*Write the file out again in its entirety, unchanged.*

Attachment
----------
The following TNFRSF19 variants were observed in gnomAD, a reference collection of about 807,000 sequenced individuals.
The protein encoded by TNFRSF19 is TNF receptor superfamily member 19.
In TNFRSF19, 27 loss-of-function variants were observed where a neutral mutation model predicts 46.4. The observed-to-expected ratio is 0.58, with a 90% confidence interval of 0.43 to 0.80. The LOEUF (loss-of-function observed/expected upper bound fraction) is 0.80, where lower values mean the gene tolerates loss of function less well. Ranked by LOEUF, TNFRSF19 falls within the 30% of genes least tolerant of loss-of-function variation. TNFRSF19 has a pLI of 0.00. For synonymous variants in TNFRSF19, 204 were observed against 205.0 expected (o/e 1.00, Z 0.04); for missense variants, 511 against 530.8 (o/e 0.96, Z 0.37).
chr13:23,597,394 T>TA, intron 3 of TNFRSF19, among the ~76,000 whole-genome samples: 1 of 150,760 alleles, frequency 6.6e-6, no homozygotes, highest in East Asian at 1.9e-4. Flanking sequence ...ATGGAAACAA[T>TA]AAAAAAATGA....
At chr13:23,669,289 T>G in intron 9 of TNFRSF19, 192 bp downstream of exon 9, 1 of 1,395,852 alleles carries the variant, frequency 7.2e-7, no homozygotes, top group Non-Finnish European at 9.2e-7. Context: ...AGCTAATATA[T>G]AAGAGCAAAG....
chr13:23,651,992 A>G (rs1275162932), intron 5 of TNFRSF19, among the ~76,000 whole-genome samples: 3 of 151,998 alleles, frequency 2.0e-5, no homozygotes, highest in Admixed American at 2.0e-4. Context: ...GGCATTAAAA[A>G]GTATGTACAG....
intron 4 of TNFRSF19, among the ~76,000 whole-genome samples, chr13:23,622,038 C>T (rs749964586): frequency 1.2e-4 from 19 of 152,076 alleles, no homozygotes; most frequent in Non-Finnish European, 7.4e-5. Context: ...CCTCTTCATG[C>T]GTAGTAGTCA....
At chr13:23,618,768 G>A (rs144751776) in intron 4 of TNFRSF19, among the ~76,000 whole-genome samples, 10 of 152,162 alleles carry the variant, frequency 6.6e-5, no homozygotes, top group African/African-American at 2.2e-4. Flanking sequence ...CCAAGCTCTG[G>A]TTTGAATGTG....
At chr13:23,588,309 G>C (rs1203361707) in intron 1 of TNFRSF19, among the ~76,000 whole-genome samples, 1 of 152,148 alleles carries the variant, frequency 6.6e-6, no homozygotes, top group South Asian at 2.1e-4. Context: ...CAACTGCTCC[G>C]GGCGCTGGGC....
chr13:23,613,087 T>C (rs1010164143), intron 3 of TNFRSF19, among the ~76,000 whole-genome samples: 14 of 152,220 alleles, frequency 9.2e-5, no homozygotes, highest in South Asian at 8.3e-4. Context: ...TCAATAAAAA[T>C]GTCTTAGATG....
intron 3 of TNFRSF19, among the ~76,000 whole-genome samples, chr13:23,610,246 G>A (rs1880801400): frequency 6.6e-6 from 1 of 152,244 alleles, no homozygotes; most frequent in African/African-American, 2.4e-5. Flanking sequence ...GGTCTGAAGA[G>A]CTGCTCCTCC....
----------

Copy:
The following TNFRSF19 variants were observed in gnomAD, a reference collection of about 807,000 sequenced individuals.
The protein encoded by TNFRSF19 is TNF receptor superfamily member 19.
In TNFRSF19, 27 loss-of-function variants were observed where a neutral mutation model predicts 46.4. The observed-to-expected ratio is 0.58, with a 90% confidence interval of 0.43 to 0.80. The LOEUF (loss-of-function observed/expected upper bound fraction) is 0.80, where lower values mean the gene tolerates loss of function less well. Ranked by LOEUF, TNFRSF19 falls within the 30% of genes least tolerant of loss-of-function variation. TNFRSF19 has a pLI of 0.00. For synonymous variants in TNFRSF19, 204 were observed against 205.0 expected (o/e 1.00, Z 0.04); for missense variants, 511 against 530.8 (o/e 0.96, Z 0.37).
chr13:23,597,394 T>TA, intron 3 of TNFRSF19, among the ~76,000 whole-genome samples: 1 of 150,760 alleles, frequency 6.6e-6, no homozygotes, highest in East Asian at 1.9e-4. Flanking sequence ...ATGGAAACAA[T>TA]AAAAAAATGA....
At chr13:23,669,289 T>G in intron 9 of TNFRSF19, 192 bp downstream of exon 9, 1 of 1,395,852 alleles carries the variant, frequency 7.2e-7, no homozygotes, top group Non-Finnish European at 9.2e-7. Context: ...AGCTAATATA[T>G]AAGAGCAAAG....
chr13:23,651,992 A>G (rs1275162932), intron 5 of TNFRSF19, among the ~76,000 whole-genome samples: 3 of 151,998 alleles, frequency 2.0e-5, no homozygotes, highest in Admixed American at 2.0e-4. Context: ...GGCATTAAAA[A>G]GTATGTACAG....
intron 4 of TNFRSF19, among the ~76,000 whole-genome samples, chr13:23,622,038 C>T (rs749964586): frequency 1.2e-4 from 19 of 152,076 alleles, no homozygotes; most frequent in Non-Finnish European, 7.4e-5. Context: ...CCTCTTCATG[C>T]GTAGTAGTCA....
At chr13:23,618,768 G>A (rs144751776) in intron 4 of TNFRSF19, among the ~76,000 whole-genome samples, 10 of 152,162 alleles carry the variant, frequency 6.6e-5, no homozygotes, top group African/African-American at 2.2e-4. Flanking sequence ...CCAAGCTCTG[G>A]TTTGAATGTG....
At chr13:23,588,309 G>C (rs1203361707) in intron 1 of TNFRSF19, among the ~76,000 whole-genome samples, 1 of 152,148 alleles carries the variant, frequency 6.6e-6, no homozygotes, top group South Asian at 2.1e-4. Context: ...CAACTGCTCC[G>C]GGCGCTGGGC....
chr13:23,613,087 T>C (rs1010164143), intron 3 of TNFRSF19, among the ~76,000 whole-genome samples: 14 of 152,220 alleles, frequency 9.2e-5, no homozygotes, highest in South Asian at 8.3e-4. Context: ...TCAATAAAAA[T>C]GTCTTAGATG....
intron 3 of TNFRSF19, among the ~76,000 whole-genome samples, chr13:23,610,246 G>A (rs1880801400): frequency 6.6e-6 from 1 of 152,244 alleles, no homozygotes; most frequent in African/African-American, 2.4e-5. Flanking sequence ...GGTCTGAAGA[G>A]CTGCTCCTCC....